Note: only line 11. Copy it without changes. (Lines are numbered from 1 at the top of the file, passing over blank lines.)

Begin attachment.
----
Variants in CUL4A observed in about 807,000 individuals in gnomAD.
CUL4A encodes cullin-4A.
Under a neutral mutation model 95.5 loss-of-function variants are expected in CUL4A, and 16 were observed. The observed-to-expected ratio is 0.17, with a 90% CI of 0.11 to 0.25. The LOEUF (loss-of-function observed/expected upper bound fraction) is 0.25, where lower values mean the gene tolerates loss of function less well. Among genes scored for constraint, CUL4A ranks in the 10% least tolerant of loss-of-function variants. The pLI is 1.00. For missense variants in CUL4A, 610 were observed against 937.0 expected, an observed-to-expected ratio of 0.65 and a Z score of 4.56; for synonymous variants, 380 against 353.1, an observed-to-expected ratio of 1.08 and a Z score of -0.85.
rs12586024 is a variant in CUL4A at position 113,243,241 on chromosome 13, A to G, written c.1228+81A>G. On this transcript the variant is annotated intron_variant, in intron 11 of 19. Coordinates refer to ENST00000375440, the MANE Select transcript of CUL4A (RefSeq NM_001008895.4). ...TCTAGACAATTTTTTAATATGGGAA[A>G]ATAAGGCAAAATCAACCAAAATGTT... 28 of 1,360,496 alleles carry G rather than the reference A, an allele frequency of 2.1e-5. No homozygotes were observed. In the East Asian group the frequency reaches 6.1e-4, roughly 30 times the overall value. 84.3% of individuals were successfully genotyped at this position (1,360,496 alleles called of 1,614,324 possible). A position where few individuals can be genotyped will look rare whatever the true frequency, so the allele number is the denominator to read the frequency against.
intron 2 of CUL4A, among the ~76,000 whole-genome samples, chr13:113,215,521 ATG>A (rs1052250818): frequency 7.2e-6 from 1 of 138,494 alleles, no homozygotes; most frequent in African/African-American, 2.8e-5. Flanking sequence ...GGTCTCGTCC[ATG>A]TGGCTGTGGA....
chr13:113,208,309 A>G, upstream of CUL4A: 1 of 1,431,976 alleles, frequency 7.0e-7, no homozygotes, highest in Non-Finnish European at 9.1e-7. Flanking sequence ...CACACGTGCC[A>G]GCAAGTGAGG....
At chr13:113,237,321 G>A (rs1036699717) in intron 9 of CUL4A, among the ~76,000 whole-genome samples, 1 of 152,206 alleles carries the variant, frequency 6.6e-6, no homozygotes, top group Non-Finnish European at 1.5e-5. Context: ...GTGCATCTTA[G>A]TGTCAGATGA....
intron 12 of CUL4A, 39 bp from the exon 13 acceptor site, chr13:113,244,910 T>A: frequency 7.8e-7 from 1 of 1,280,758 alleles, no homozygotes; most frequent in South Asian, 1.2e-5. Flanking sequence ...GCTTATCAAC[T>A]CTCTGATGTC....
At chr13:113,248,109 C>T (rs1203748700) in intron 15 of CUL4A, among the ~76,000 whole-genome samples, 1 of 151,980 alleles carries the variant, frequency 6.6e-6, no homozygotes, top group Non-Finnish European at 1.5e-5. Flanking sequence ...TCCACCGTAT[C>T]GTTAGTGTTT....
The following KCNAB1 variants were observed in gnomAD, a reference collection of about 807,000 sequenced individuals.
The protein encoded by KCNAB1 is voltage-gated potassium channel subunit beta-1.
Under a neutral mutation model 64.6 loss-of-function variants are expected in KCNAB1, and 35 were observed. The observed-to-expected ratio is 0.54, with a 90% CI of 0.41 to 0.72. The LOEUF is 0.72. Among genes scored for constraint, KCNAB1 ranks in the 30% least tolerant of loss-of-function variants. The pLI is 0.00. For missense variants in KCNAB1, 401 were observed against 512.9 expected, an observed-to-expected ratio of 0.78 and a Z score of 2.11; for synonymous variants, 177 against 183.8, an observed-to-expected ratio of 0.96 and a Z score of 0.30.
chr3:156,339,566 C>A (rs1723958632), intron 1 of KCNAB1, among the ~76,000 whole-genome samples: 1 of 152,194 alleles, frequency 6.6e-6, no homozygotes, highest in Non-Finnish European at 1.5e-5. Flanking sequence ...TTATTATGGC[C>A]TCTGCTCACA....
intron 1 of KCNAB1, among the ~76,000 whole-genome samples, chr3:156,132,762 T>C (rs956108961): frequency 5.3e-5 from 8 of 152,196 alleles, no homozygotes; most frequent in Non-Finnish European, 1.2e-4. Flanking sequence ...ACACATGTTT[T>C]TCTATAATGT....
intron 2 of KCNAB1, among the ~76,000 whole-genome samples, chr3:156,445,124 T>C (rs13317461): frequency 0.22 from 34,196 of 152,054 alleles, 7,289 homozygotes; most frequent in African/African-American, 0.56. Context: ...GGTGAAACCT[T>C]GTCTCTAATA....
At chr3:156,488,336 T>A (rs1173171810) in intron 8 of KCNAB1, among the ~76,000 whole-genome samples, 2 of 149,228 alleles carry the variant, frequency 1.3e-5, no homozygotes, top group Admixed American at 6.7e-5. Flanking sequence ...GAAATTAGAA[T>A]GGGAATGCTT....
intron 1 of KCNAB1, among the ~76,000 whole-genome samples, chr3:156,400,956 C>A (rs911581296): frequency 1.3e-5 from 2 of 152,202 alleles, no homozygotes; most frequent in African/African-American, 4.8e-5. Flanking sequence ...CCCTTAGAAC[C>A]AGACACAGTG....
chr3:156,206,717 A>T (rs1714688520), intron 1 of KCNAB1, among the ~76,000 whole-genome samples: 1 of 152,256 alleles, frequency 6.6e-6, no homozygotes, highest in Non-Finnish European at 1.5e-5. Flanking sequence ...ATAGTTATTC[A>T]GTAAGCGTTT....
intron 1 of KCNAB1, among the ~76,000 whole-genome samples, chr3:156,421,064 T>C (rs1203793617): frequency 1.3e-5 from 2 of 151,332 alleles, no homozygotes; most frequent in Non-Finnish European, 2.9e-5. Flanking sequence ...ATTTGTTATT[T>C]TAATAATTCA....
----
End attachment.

The protein encoded by KCNAB1 is voltage-gated potassium channel subunit beta-1.